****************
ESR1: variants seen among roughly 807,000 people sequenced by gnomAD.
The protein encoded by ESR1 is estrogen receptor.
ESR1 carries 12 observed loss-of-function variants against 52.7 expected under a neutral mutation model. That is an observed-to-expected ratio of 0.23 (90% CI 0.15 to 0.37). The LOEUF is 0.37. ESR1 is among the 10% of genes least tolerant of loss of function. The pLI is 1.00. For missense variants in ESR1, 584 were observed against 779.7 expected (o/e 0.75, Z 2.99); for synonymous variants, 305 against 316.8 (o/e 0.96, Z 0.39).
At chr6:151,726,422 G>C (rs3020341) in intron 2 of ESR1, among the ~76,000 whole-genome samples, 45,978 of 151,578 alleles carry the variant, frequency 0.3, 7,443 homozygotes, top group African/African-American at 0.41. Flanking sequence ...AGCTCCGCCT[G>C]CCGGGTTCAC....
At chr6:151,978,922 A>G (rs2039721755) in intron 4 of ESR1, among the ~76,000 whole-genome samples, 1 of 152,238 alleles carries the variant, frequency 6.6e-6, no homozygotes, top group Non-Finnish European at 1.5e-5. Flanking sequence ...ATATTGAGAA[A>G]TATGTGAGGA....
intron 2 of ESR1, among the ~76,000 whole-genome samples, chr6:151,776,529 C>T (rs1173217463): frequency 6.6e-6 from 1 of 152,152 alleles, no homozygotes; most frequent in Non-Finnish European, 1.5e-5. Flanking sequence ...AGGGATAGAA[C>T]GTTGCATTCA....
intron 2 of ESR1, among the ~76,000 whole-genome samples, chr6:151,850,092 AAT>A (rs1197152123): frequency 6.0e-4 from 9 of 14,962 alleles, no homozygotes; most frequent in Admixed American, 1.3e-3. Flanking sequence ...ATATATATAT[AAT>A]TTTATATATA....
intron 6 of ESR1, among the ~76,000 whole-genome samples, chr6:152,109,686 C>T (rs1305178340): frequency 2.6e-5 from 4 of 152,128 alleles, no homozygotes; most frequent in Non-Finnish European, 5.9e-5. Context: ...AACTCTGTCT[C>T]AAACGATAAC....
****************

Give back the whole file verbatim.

ESR1: variants seen among roughly 807,000 people sequenced by gnomAD.
The protein encoded by ESR1 is estrogen receptor.
ESR1 carries 12 observed loss-of-function variants against 52.7 expected under a neutral mutation model. That is an observed-to-expected ratio of 0.23 (90% CI 0.15 to 0.37). The LOEUF is 0.37. ESR1 is among the 10% of genes least tolerant of loss of function. The pLI is 1.00. For missense variants in ESR1, 584 were observed against 779.7 expected (o/e 0.75, Z 2.99); for synonymous variants, 305 against 316.8 (o/e 0.96, Z 0.39).
At chr6:151,726,422 G>C (rs3020341) in intron 2 of ESR1, among the ~76,000 whole-genome samples, 45,978 of 151,578 alleles carry the variant, frequency 0.3, 7,443 homozygotes, top group African/African-American at 0.41. Flanking sequence ...AGCTCCGCCT[G>C]CCGGGTTCAC....
At chr6:151,978,922 A>G (rs2039721755) in intron 4 of ESR1, among the ~76,000 whole-genome samples, 1 of 152,238 alleles carries the variant, frequency 6.6e-6, no homozygotes, top group Non-Finnish European at 1.5e-5. Flanking sequence ...ATATTGAGAA[A>G]TATGTGAGGA....
intron 2 of ESR1, among the ~76,000 whole-genome samples, chr6:151,776,529 C>T (rs1173217463): frequency 6.6e-6 from 1 of 152,152 alleles, no homozygotes; most frequent in Non-Finnish European, 1.5e-5. Flanking sequence ...AGGGATAGAA[C>T]GTTGCATTCA....
intron 2 of ESR1, among the ~76,000 whole-genome samples, chr6:151,850,092 AAT>A (rs1197152123): frequency 6.0e-4 from 9 of 14,962 alleles, no homozygotes; most frequent in Admixed American, 1.3e-3. Flanking sequence ...ATATATATAT[AAT>A]TTTATATATA....
intron 6 of ESR1, among the ~76,000 whole-genome samples, chr6:152,109,686 C>T (rs1305178340): frequency 2.6e-5 from 4 of 152,128 alleles, no homozygotes; most frequent in Non-Finnish European, 5.9e-5. Context: ...AACTCTGTCT[C>T]AAACGATAAC....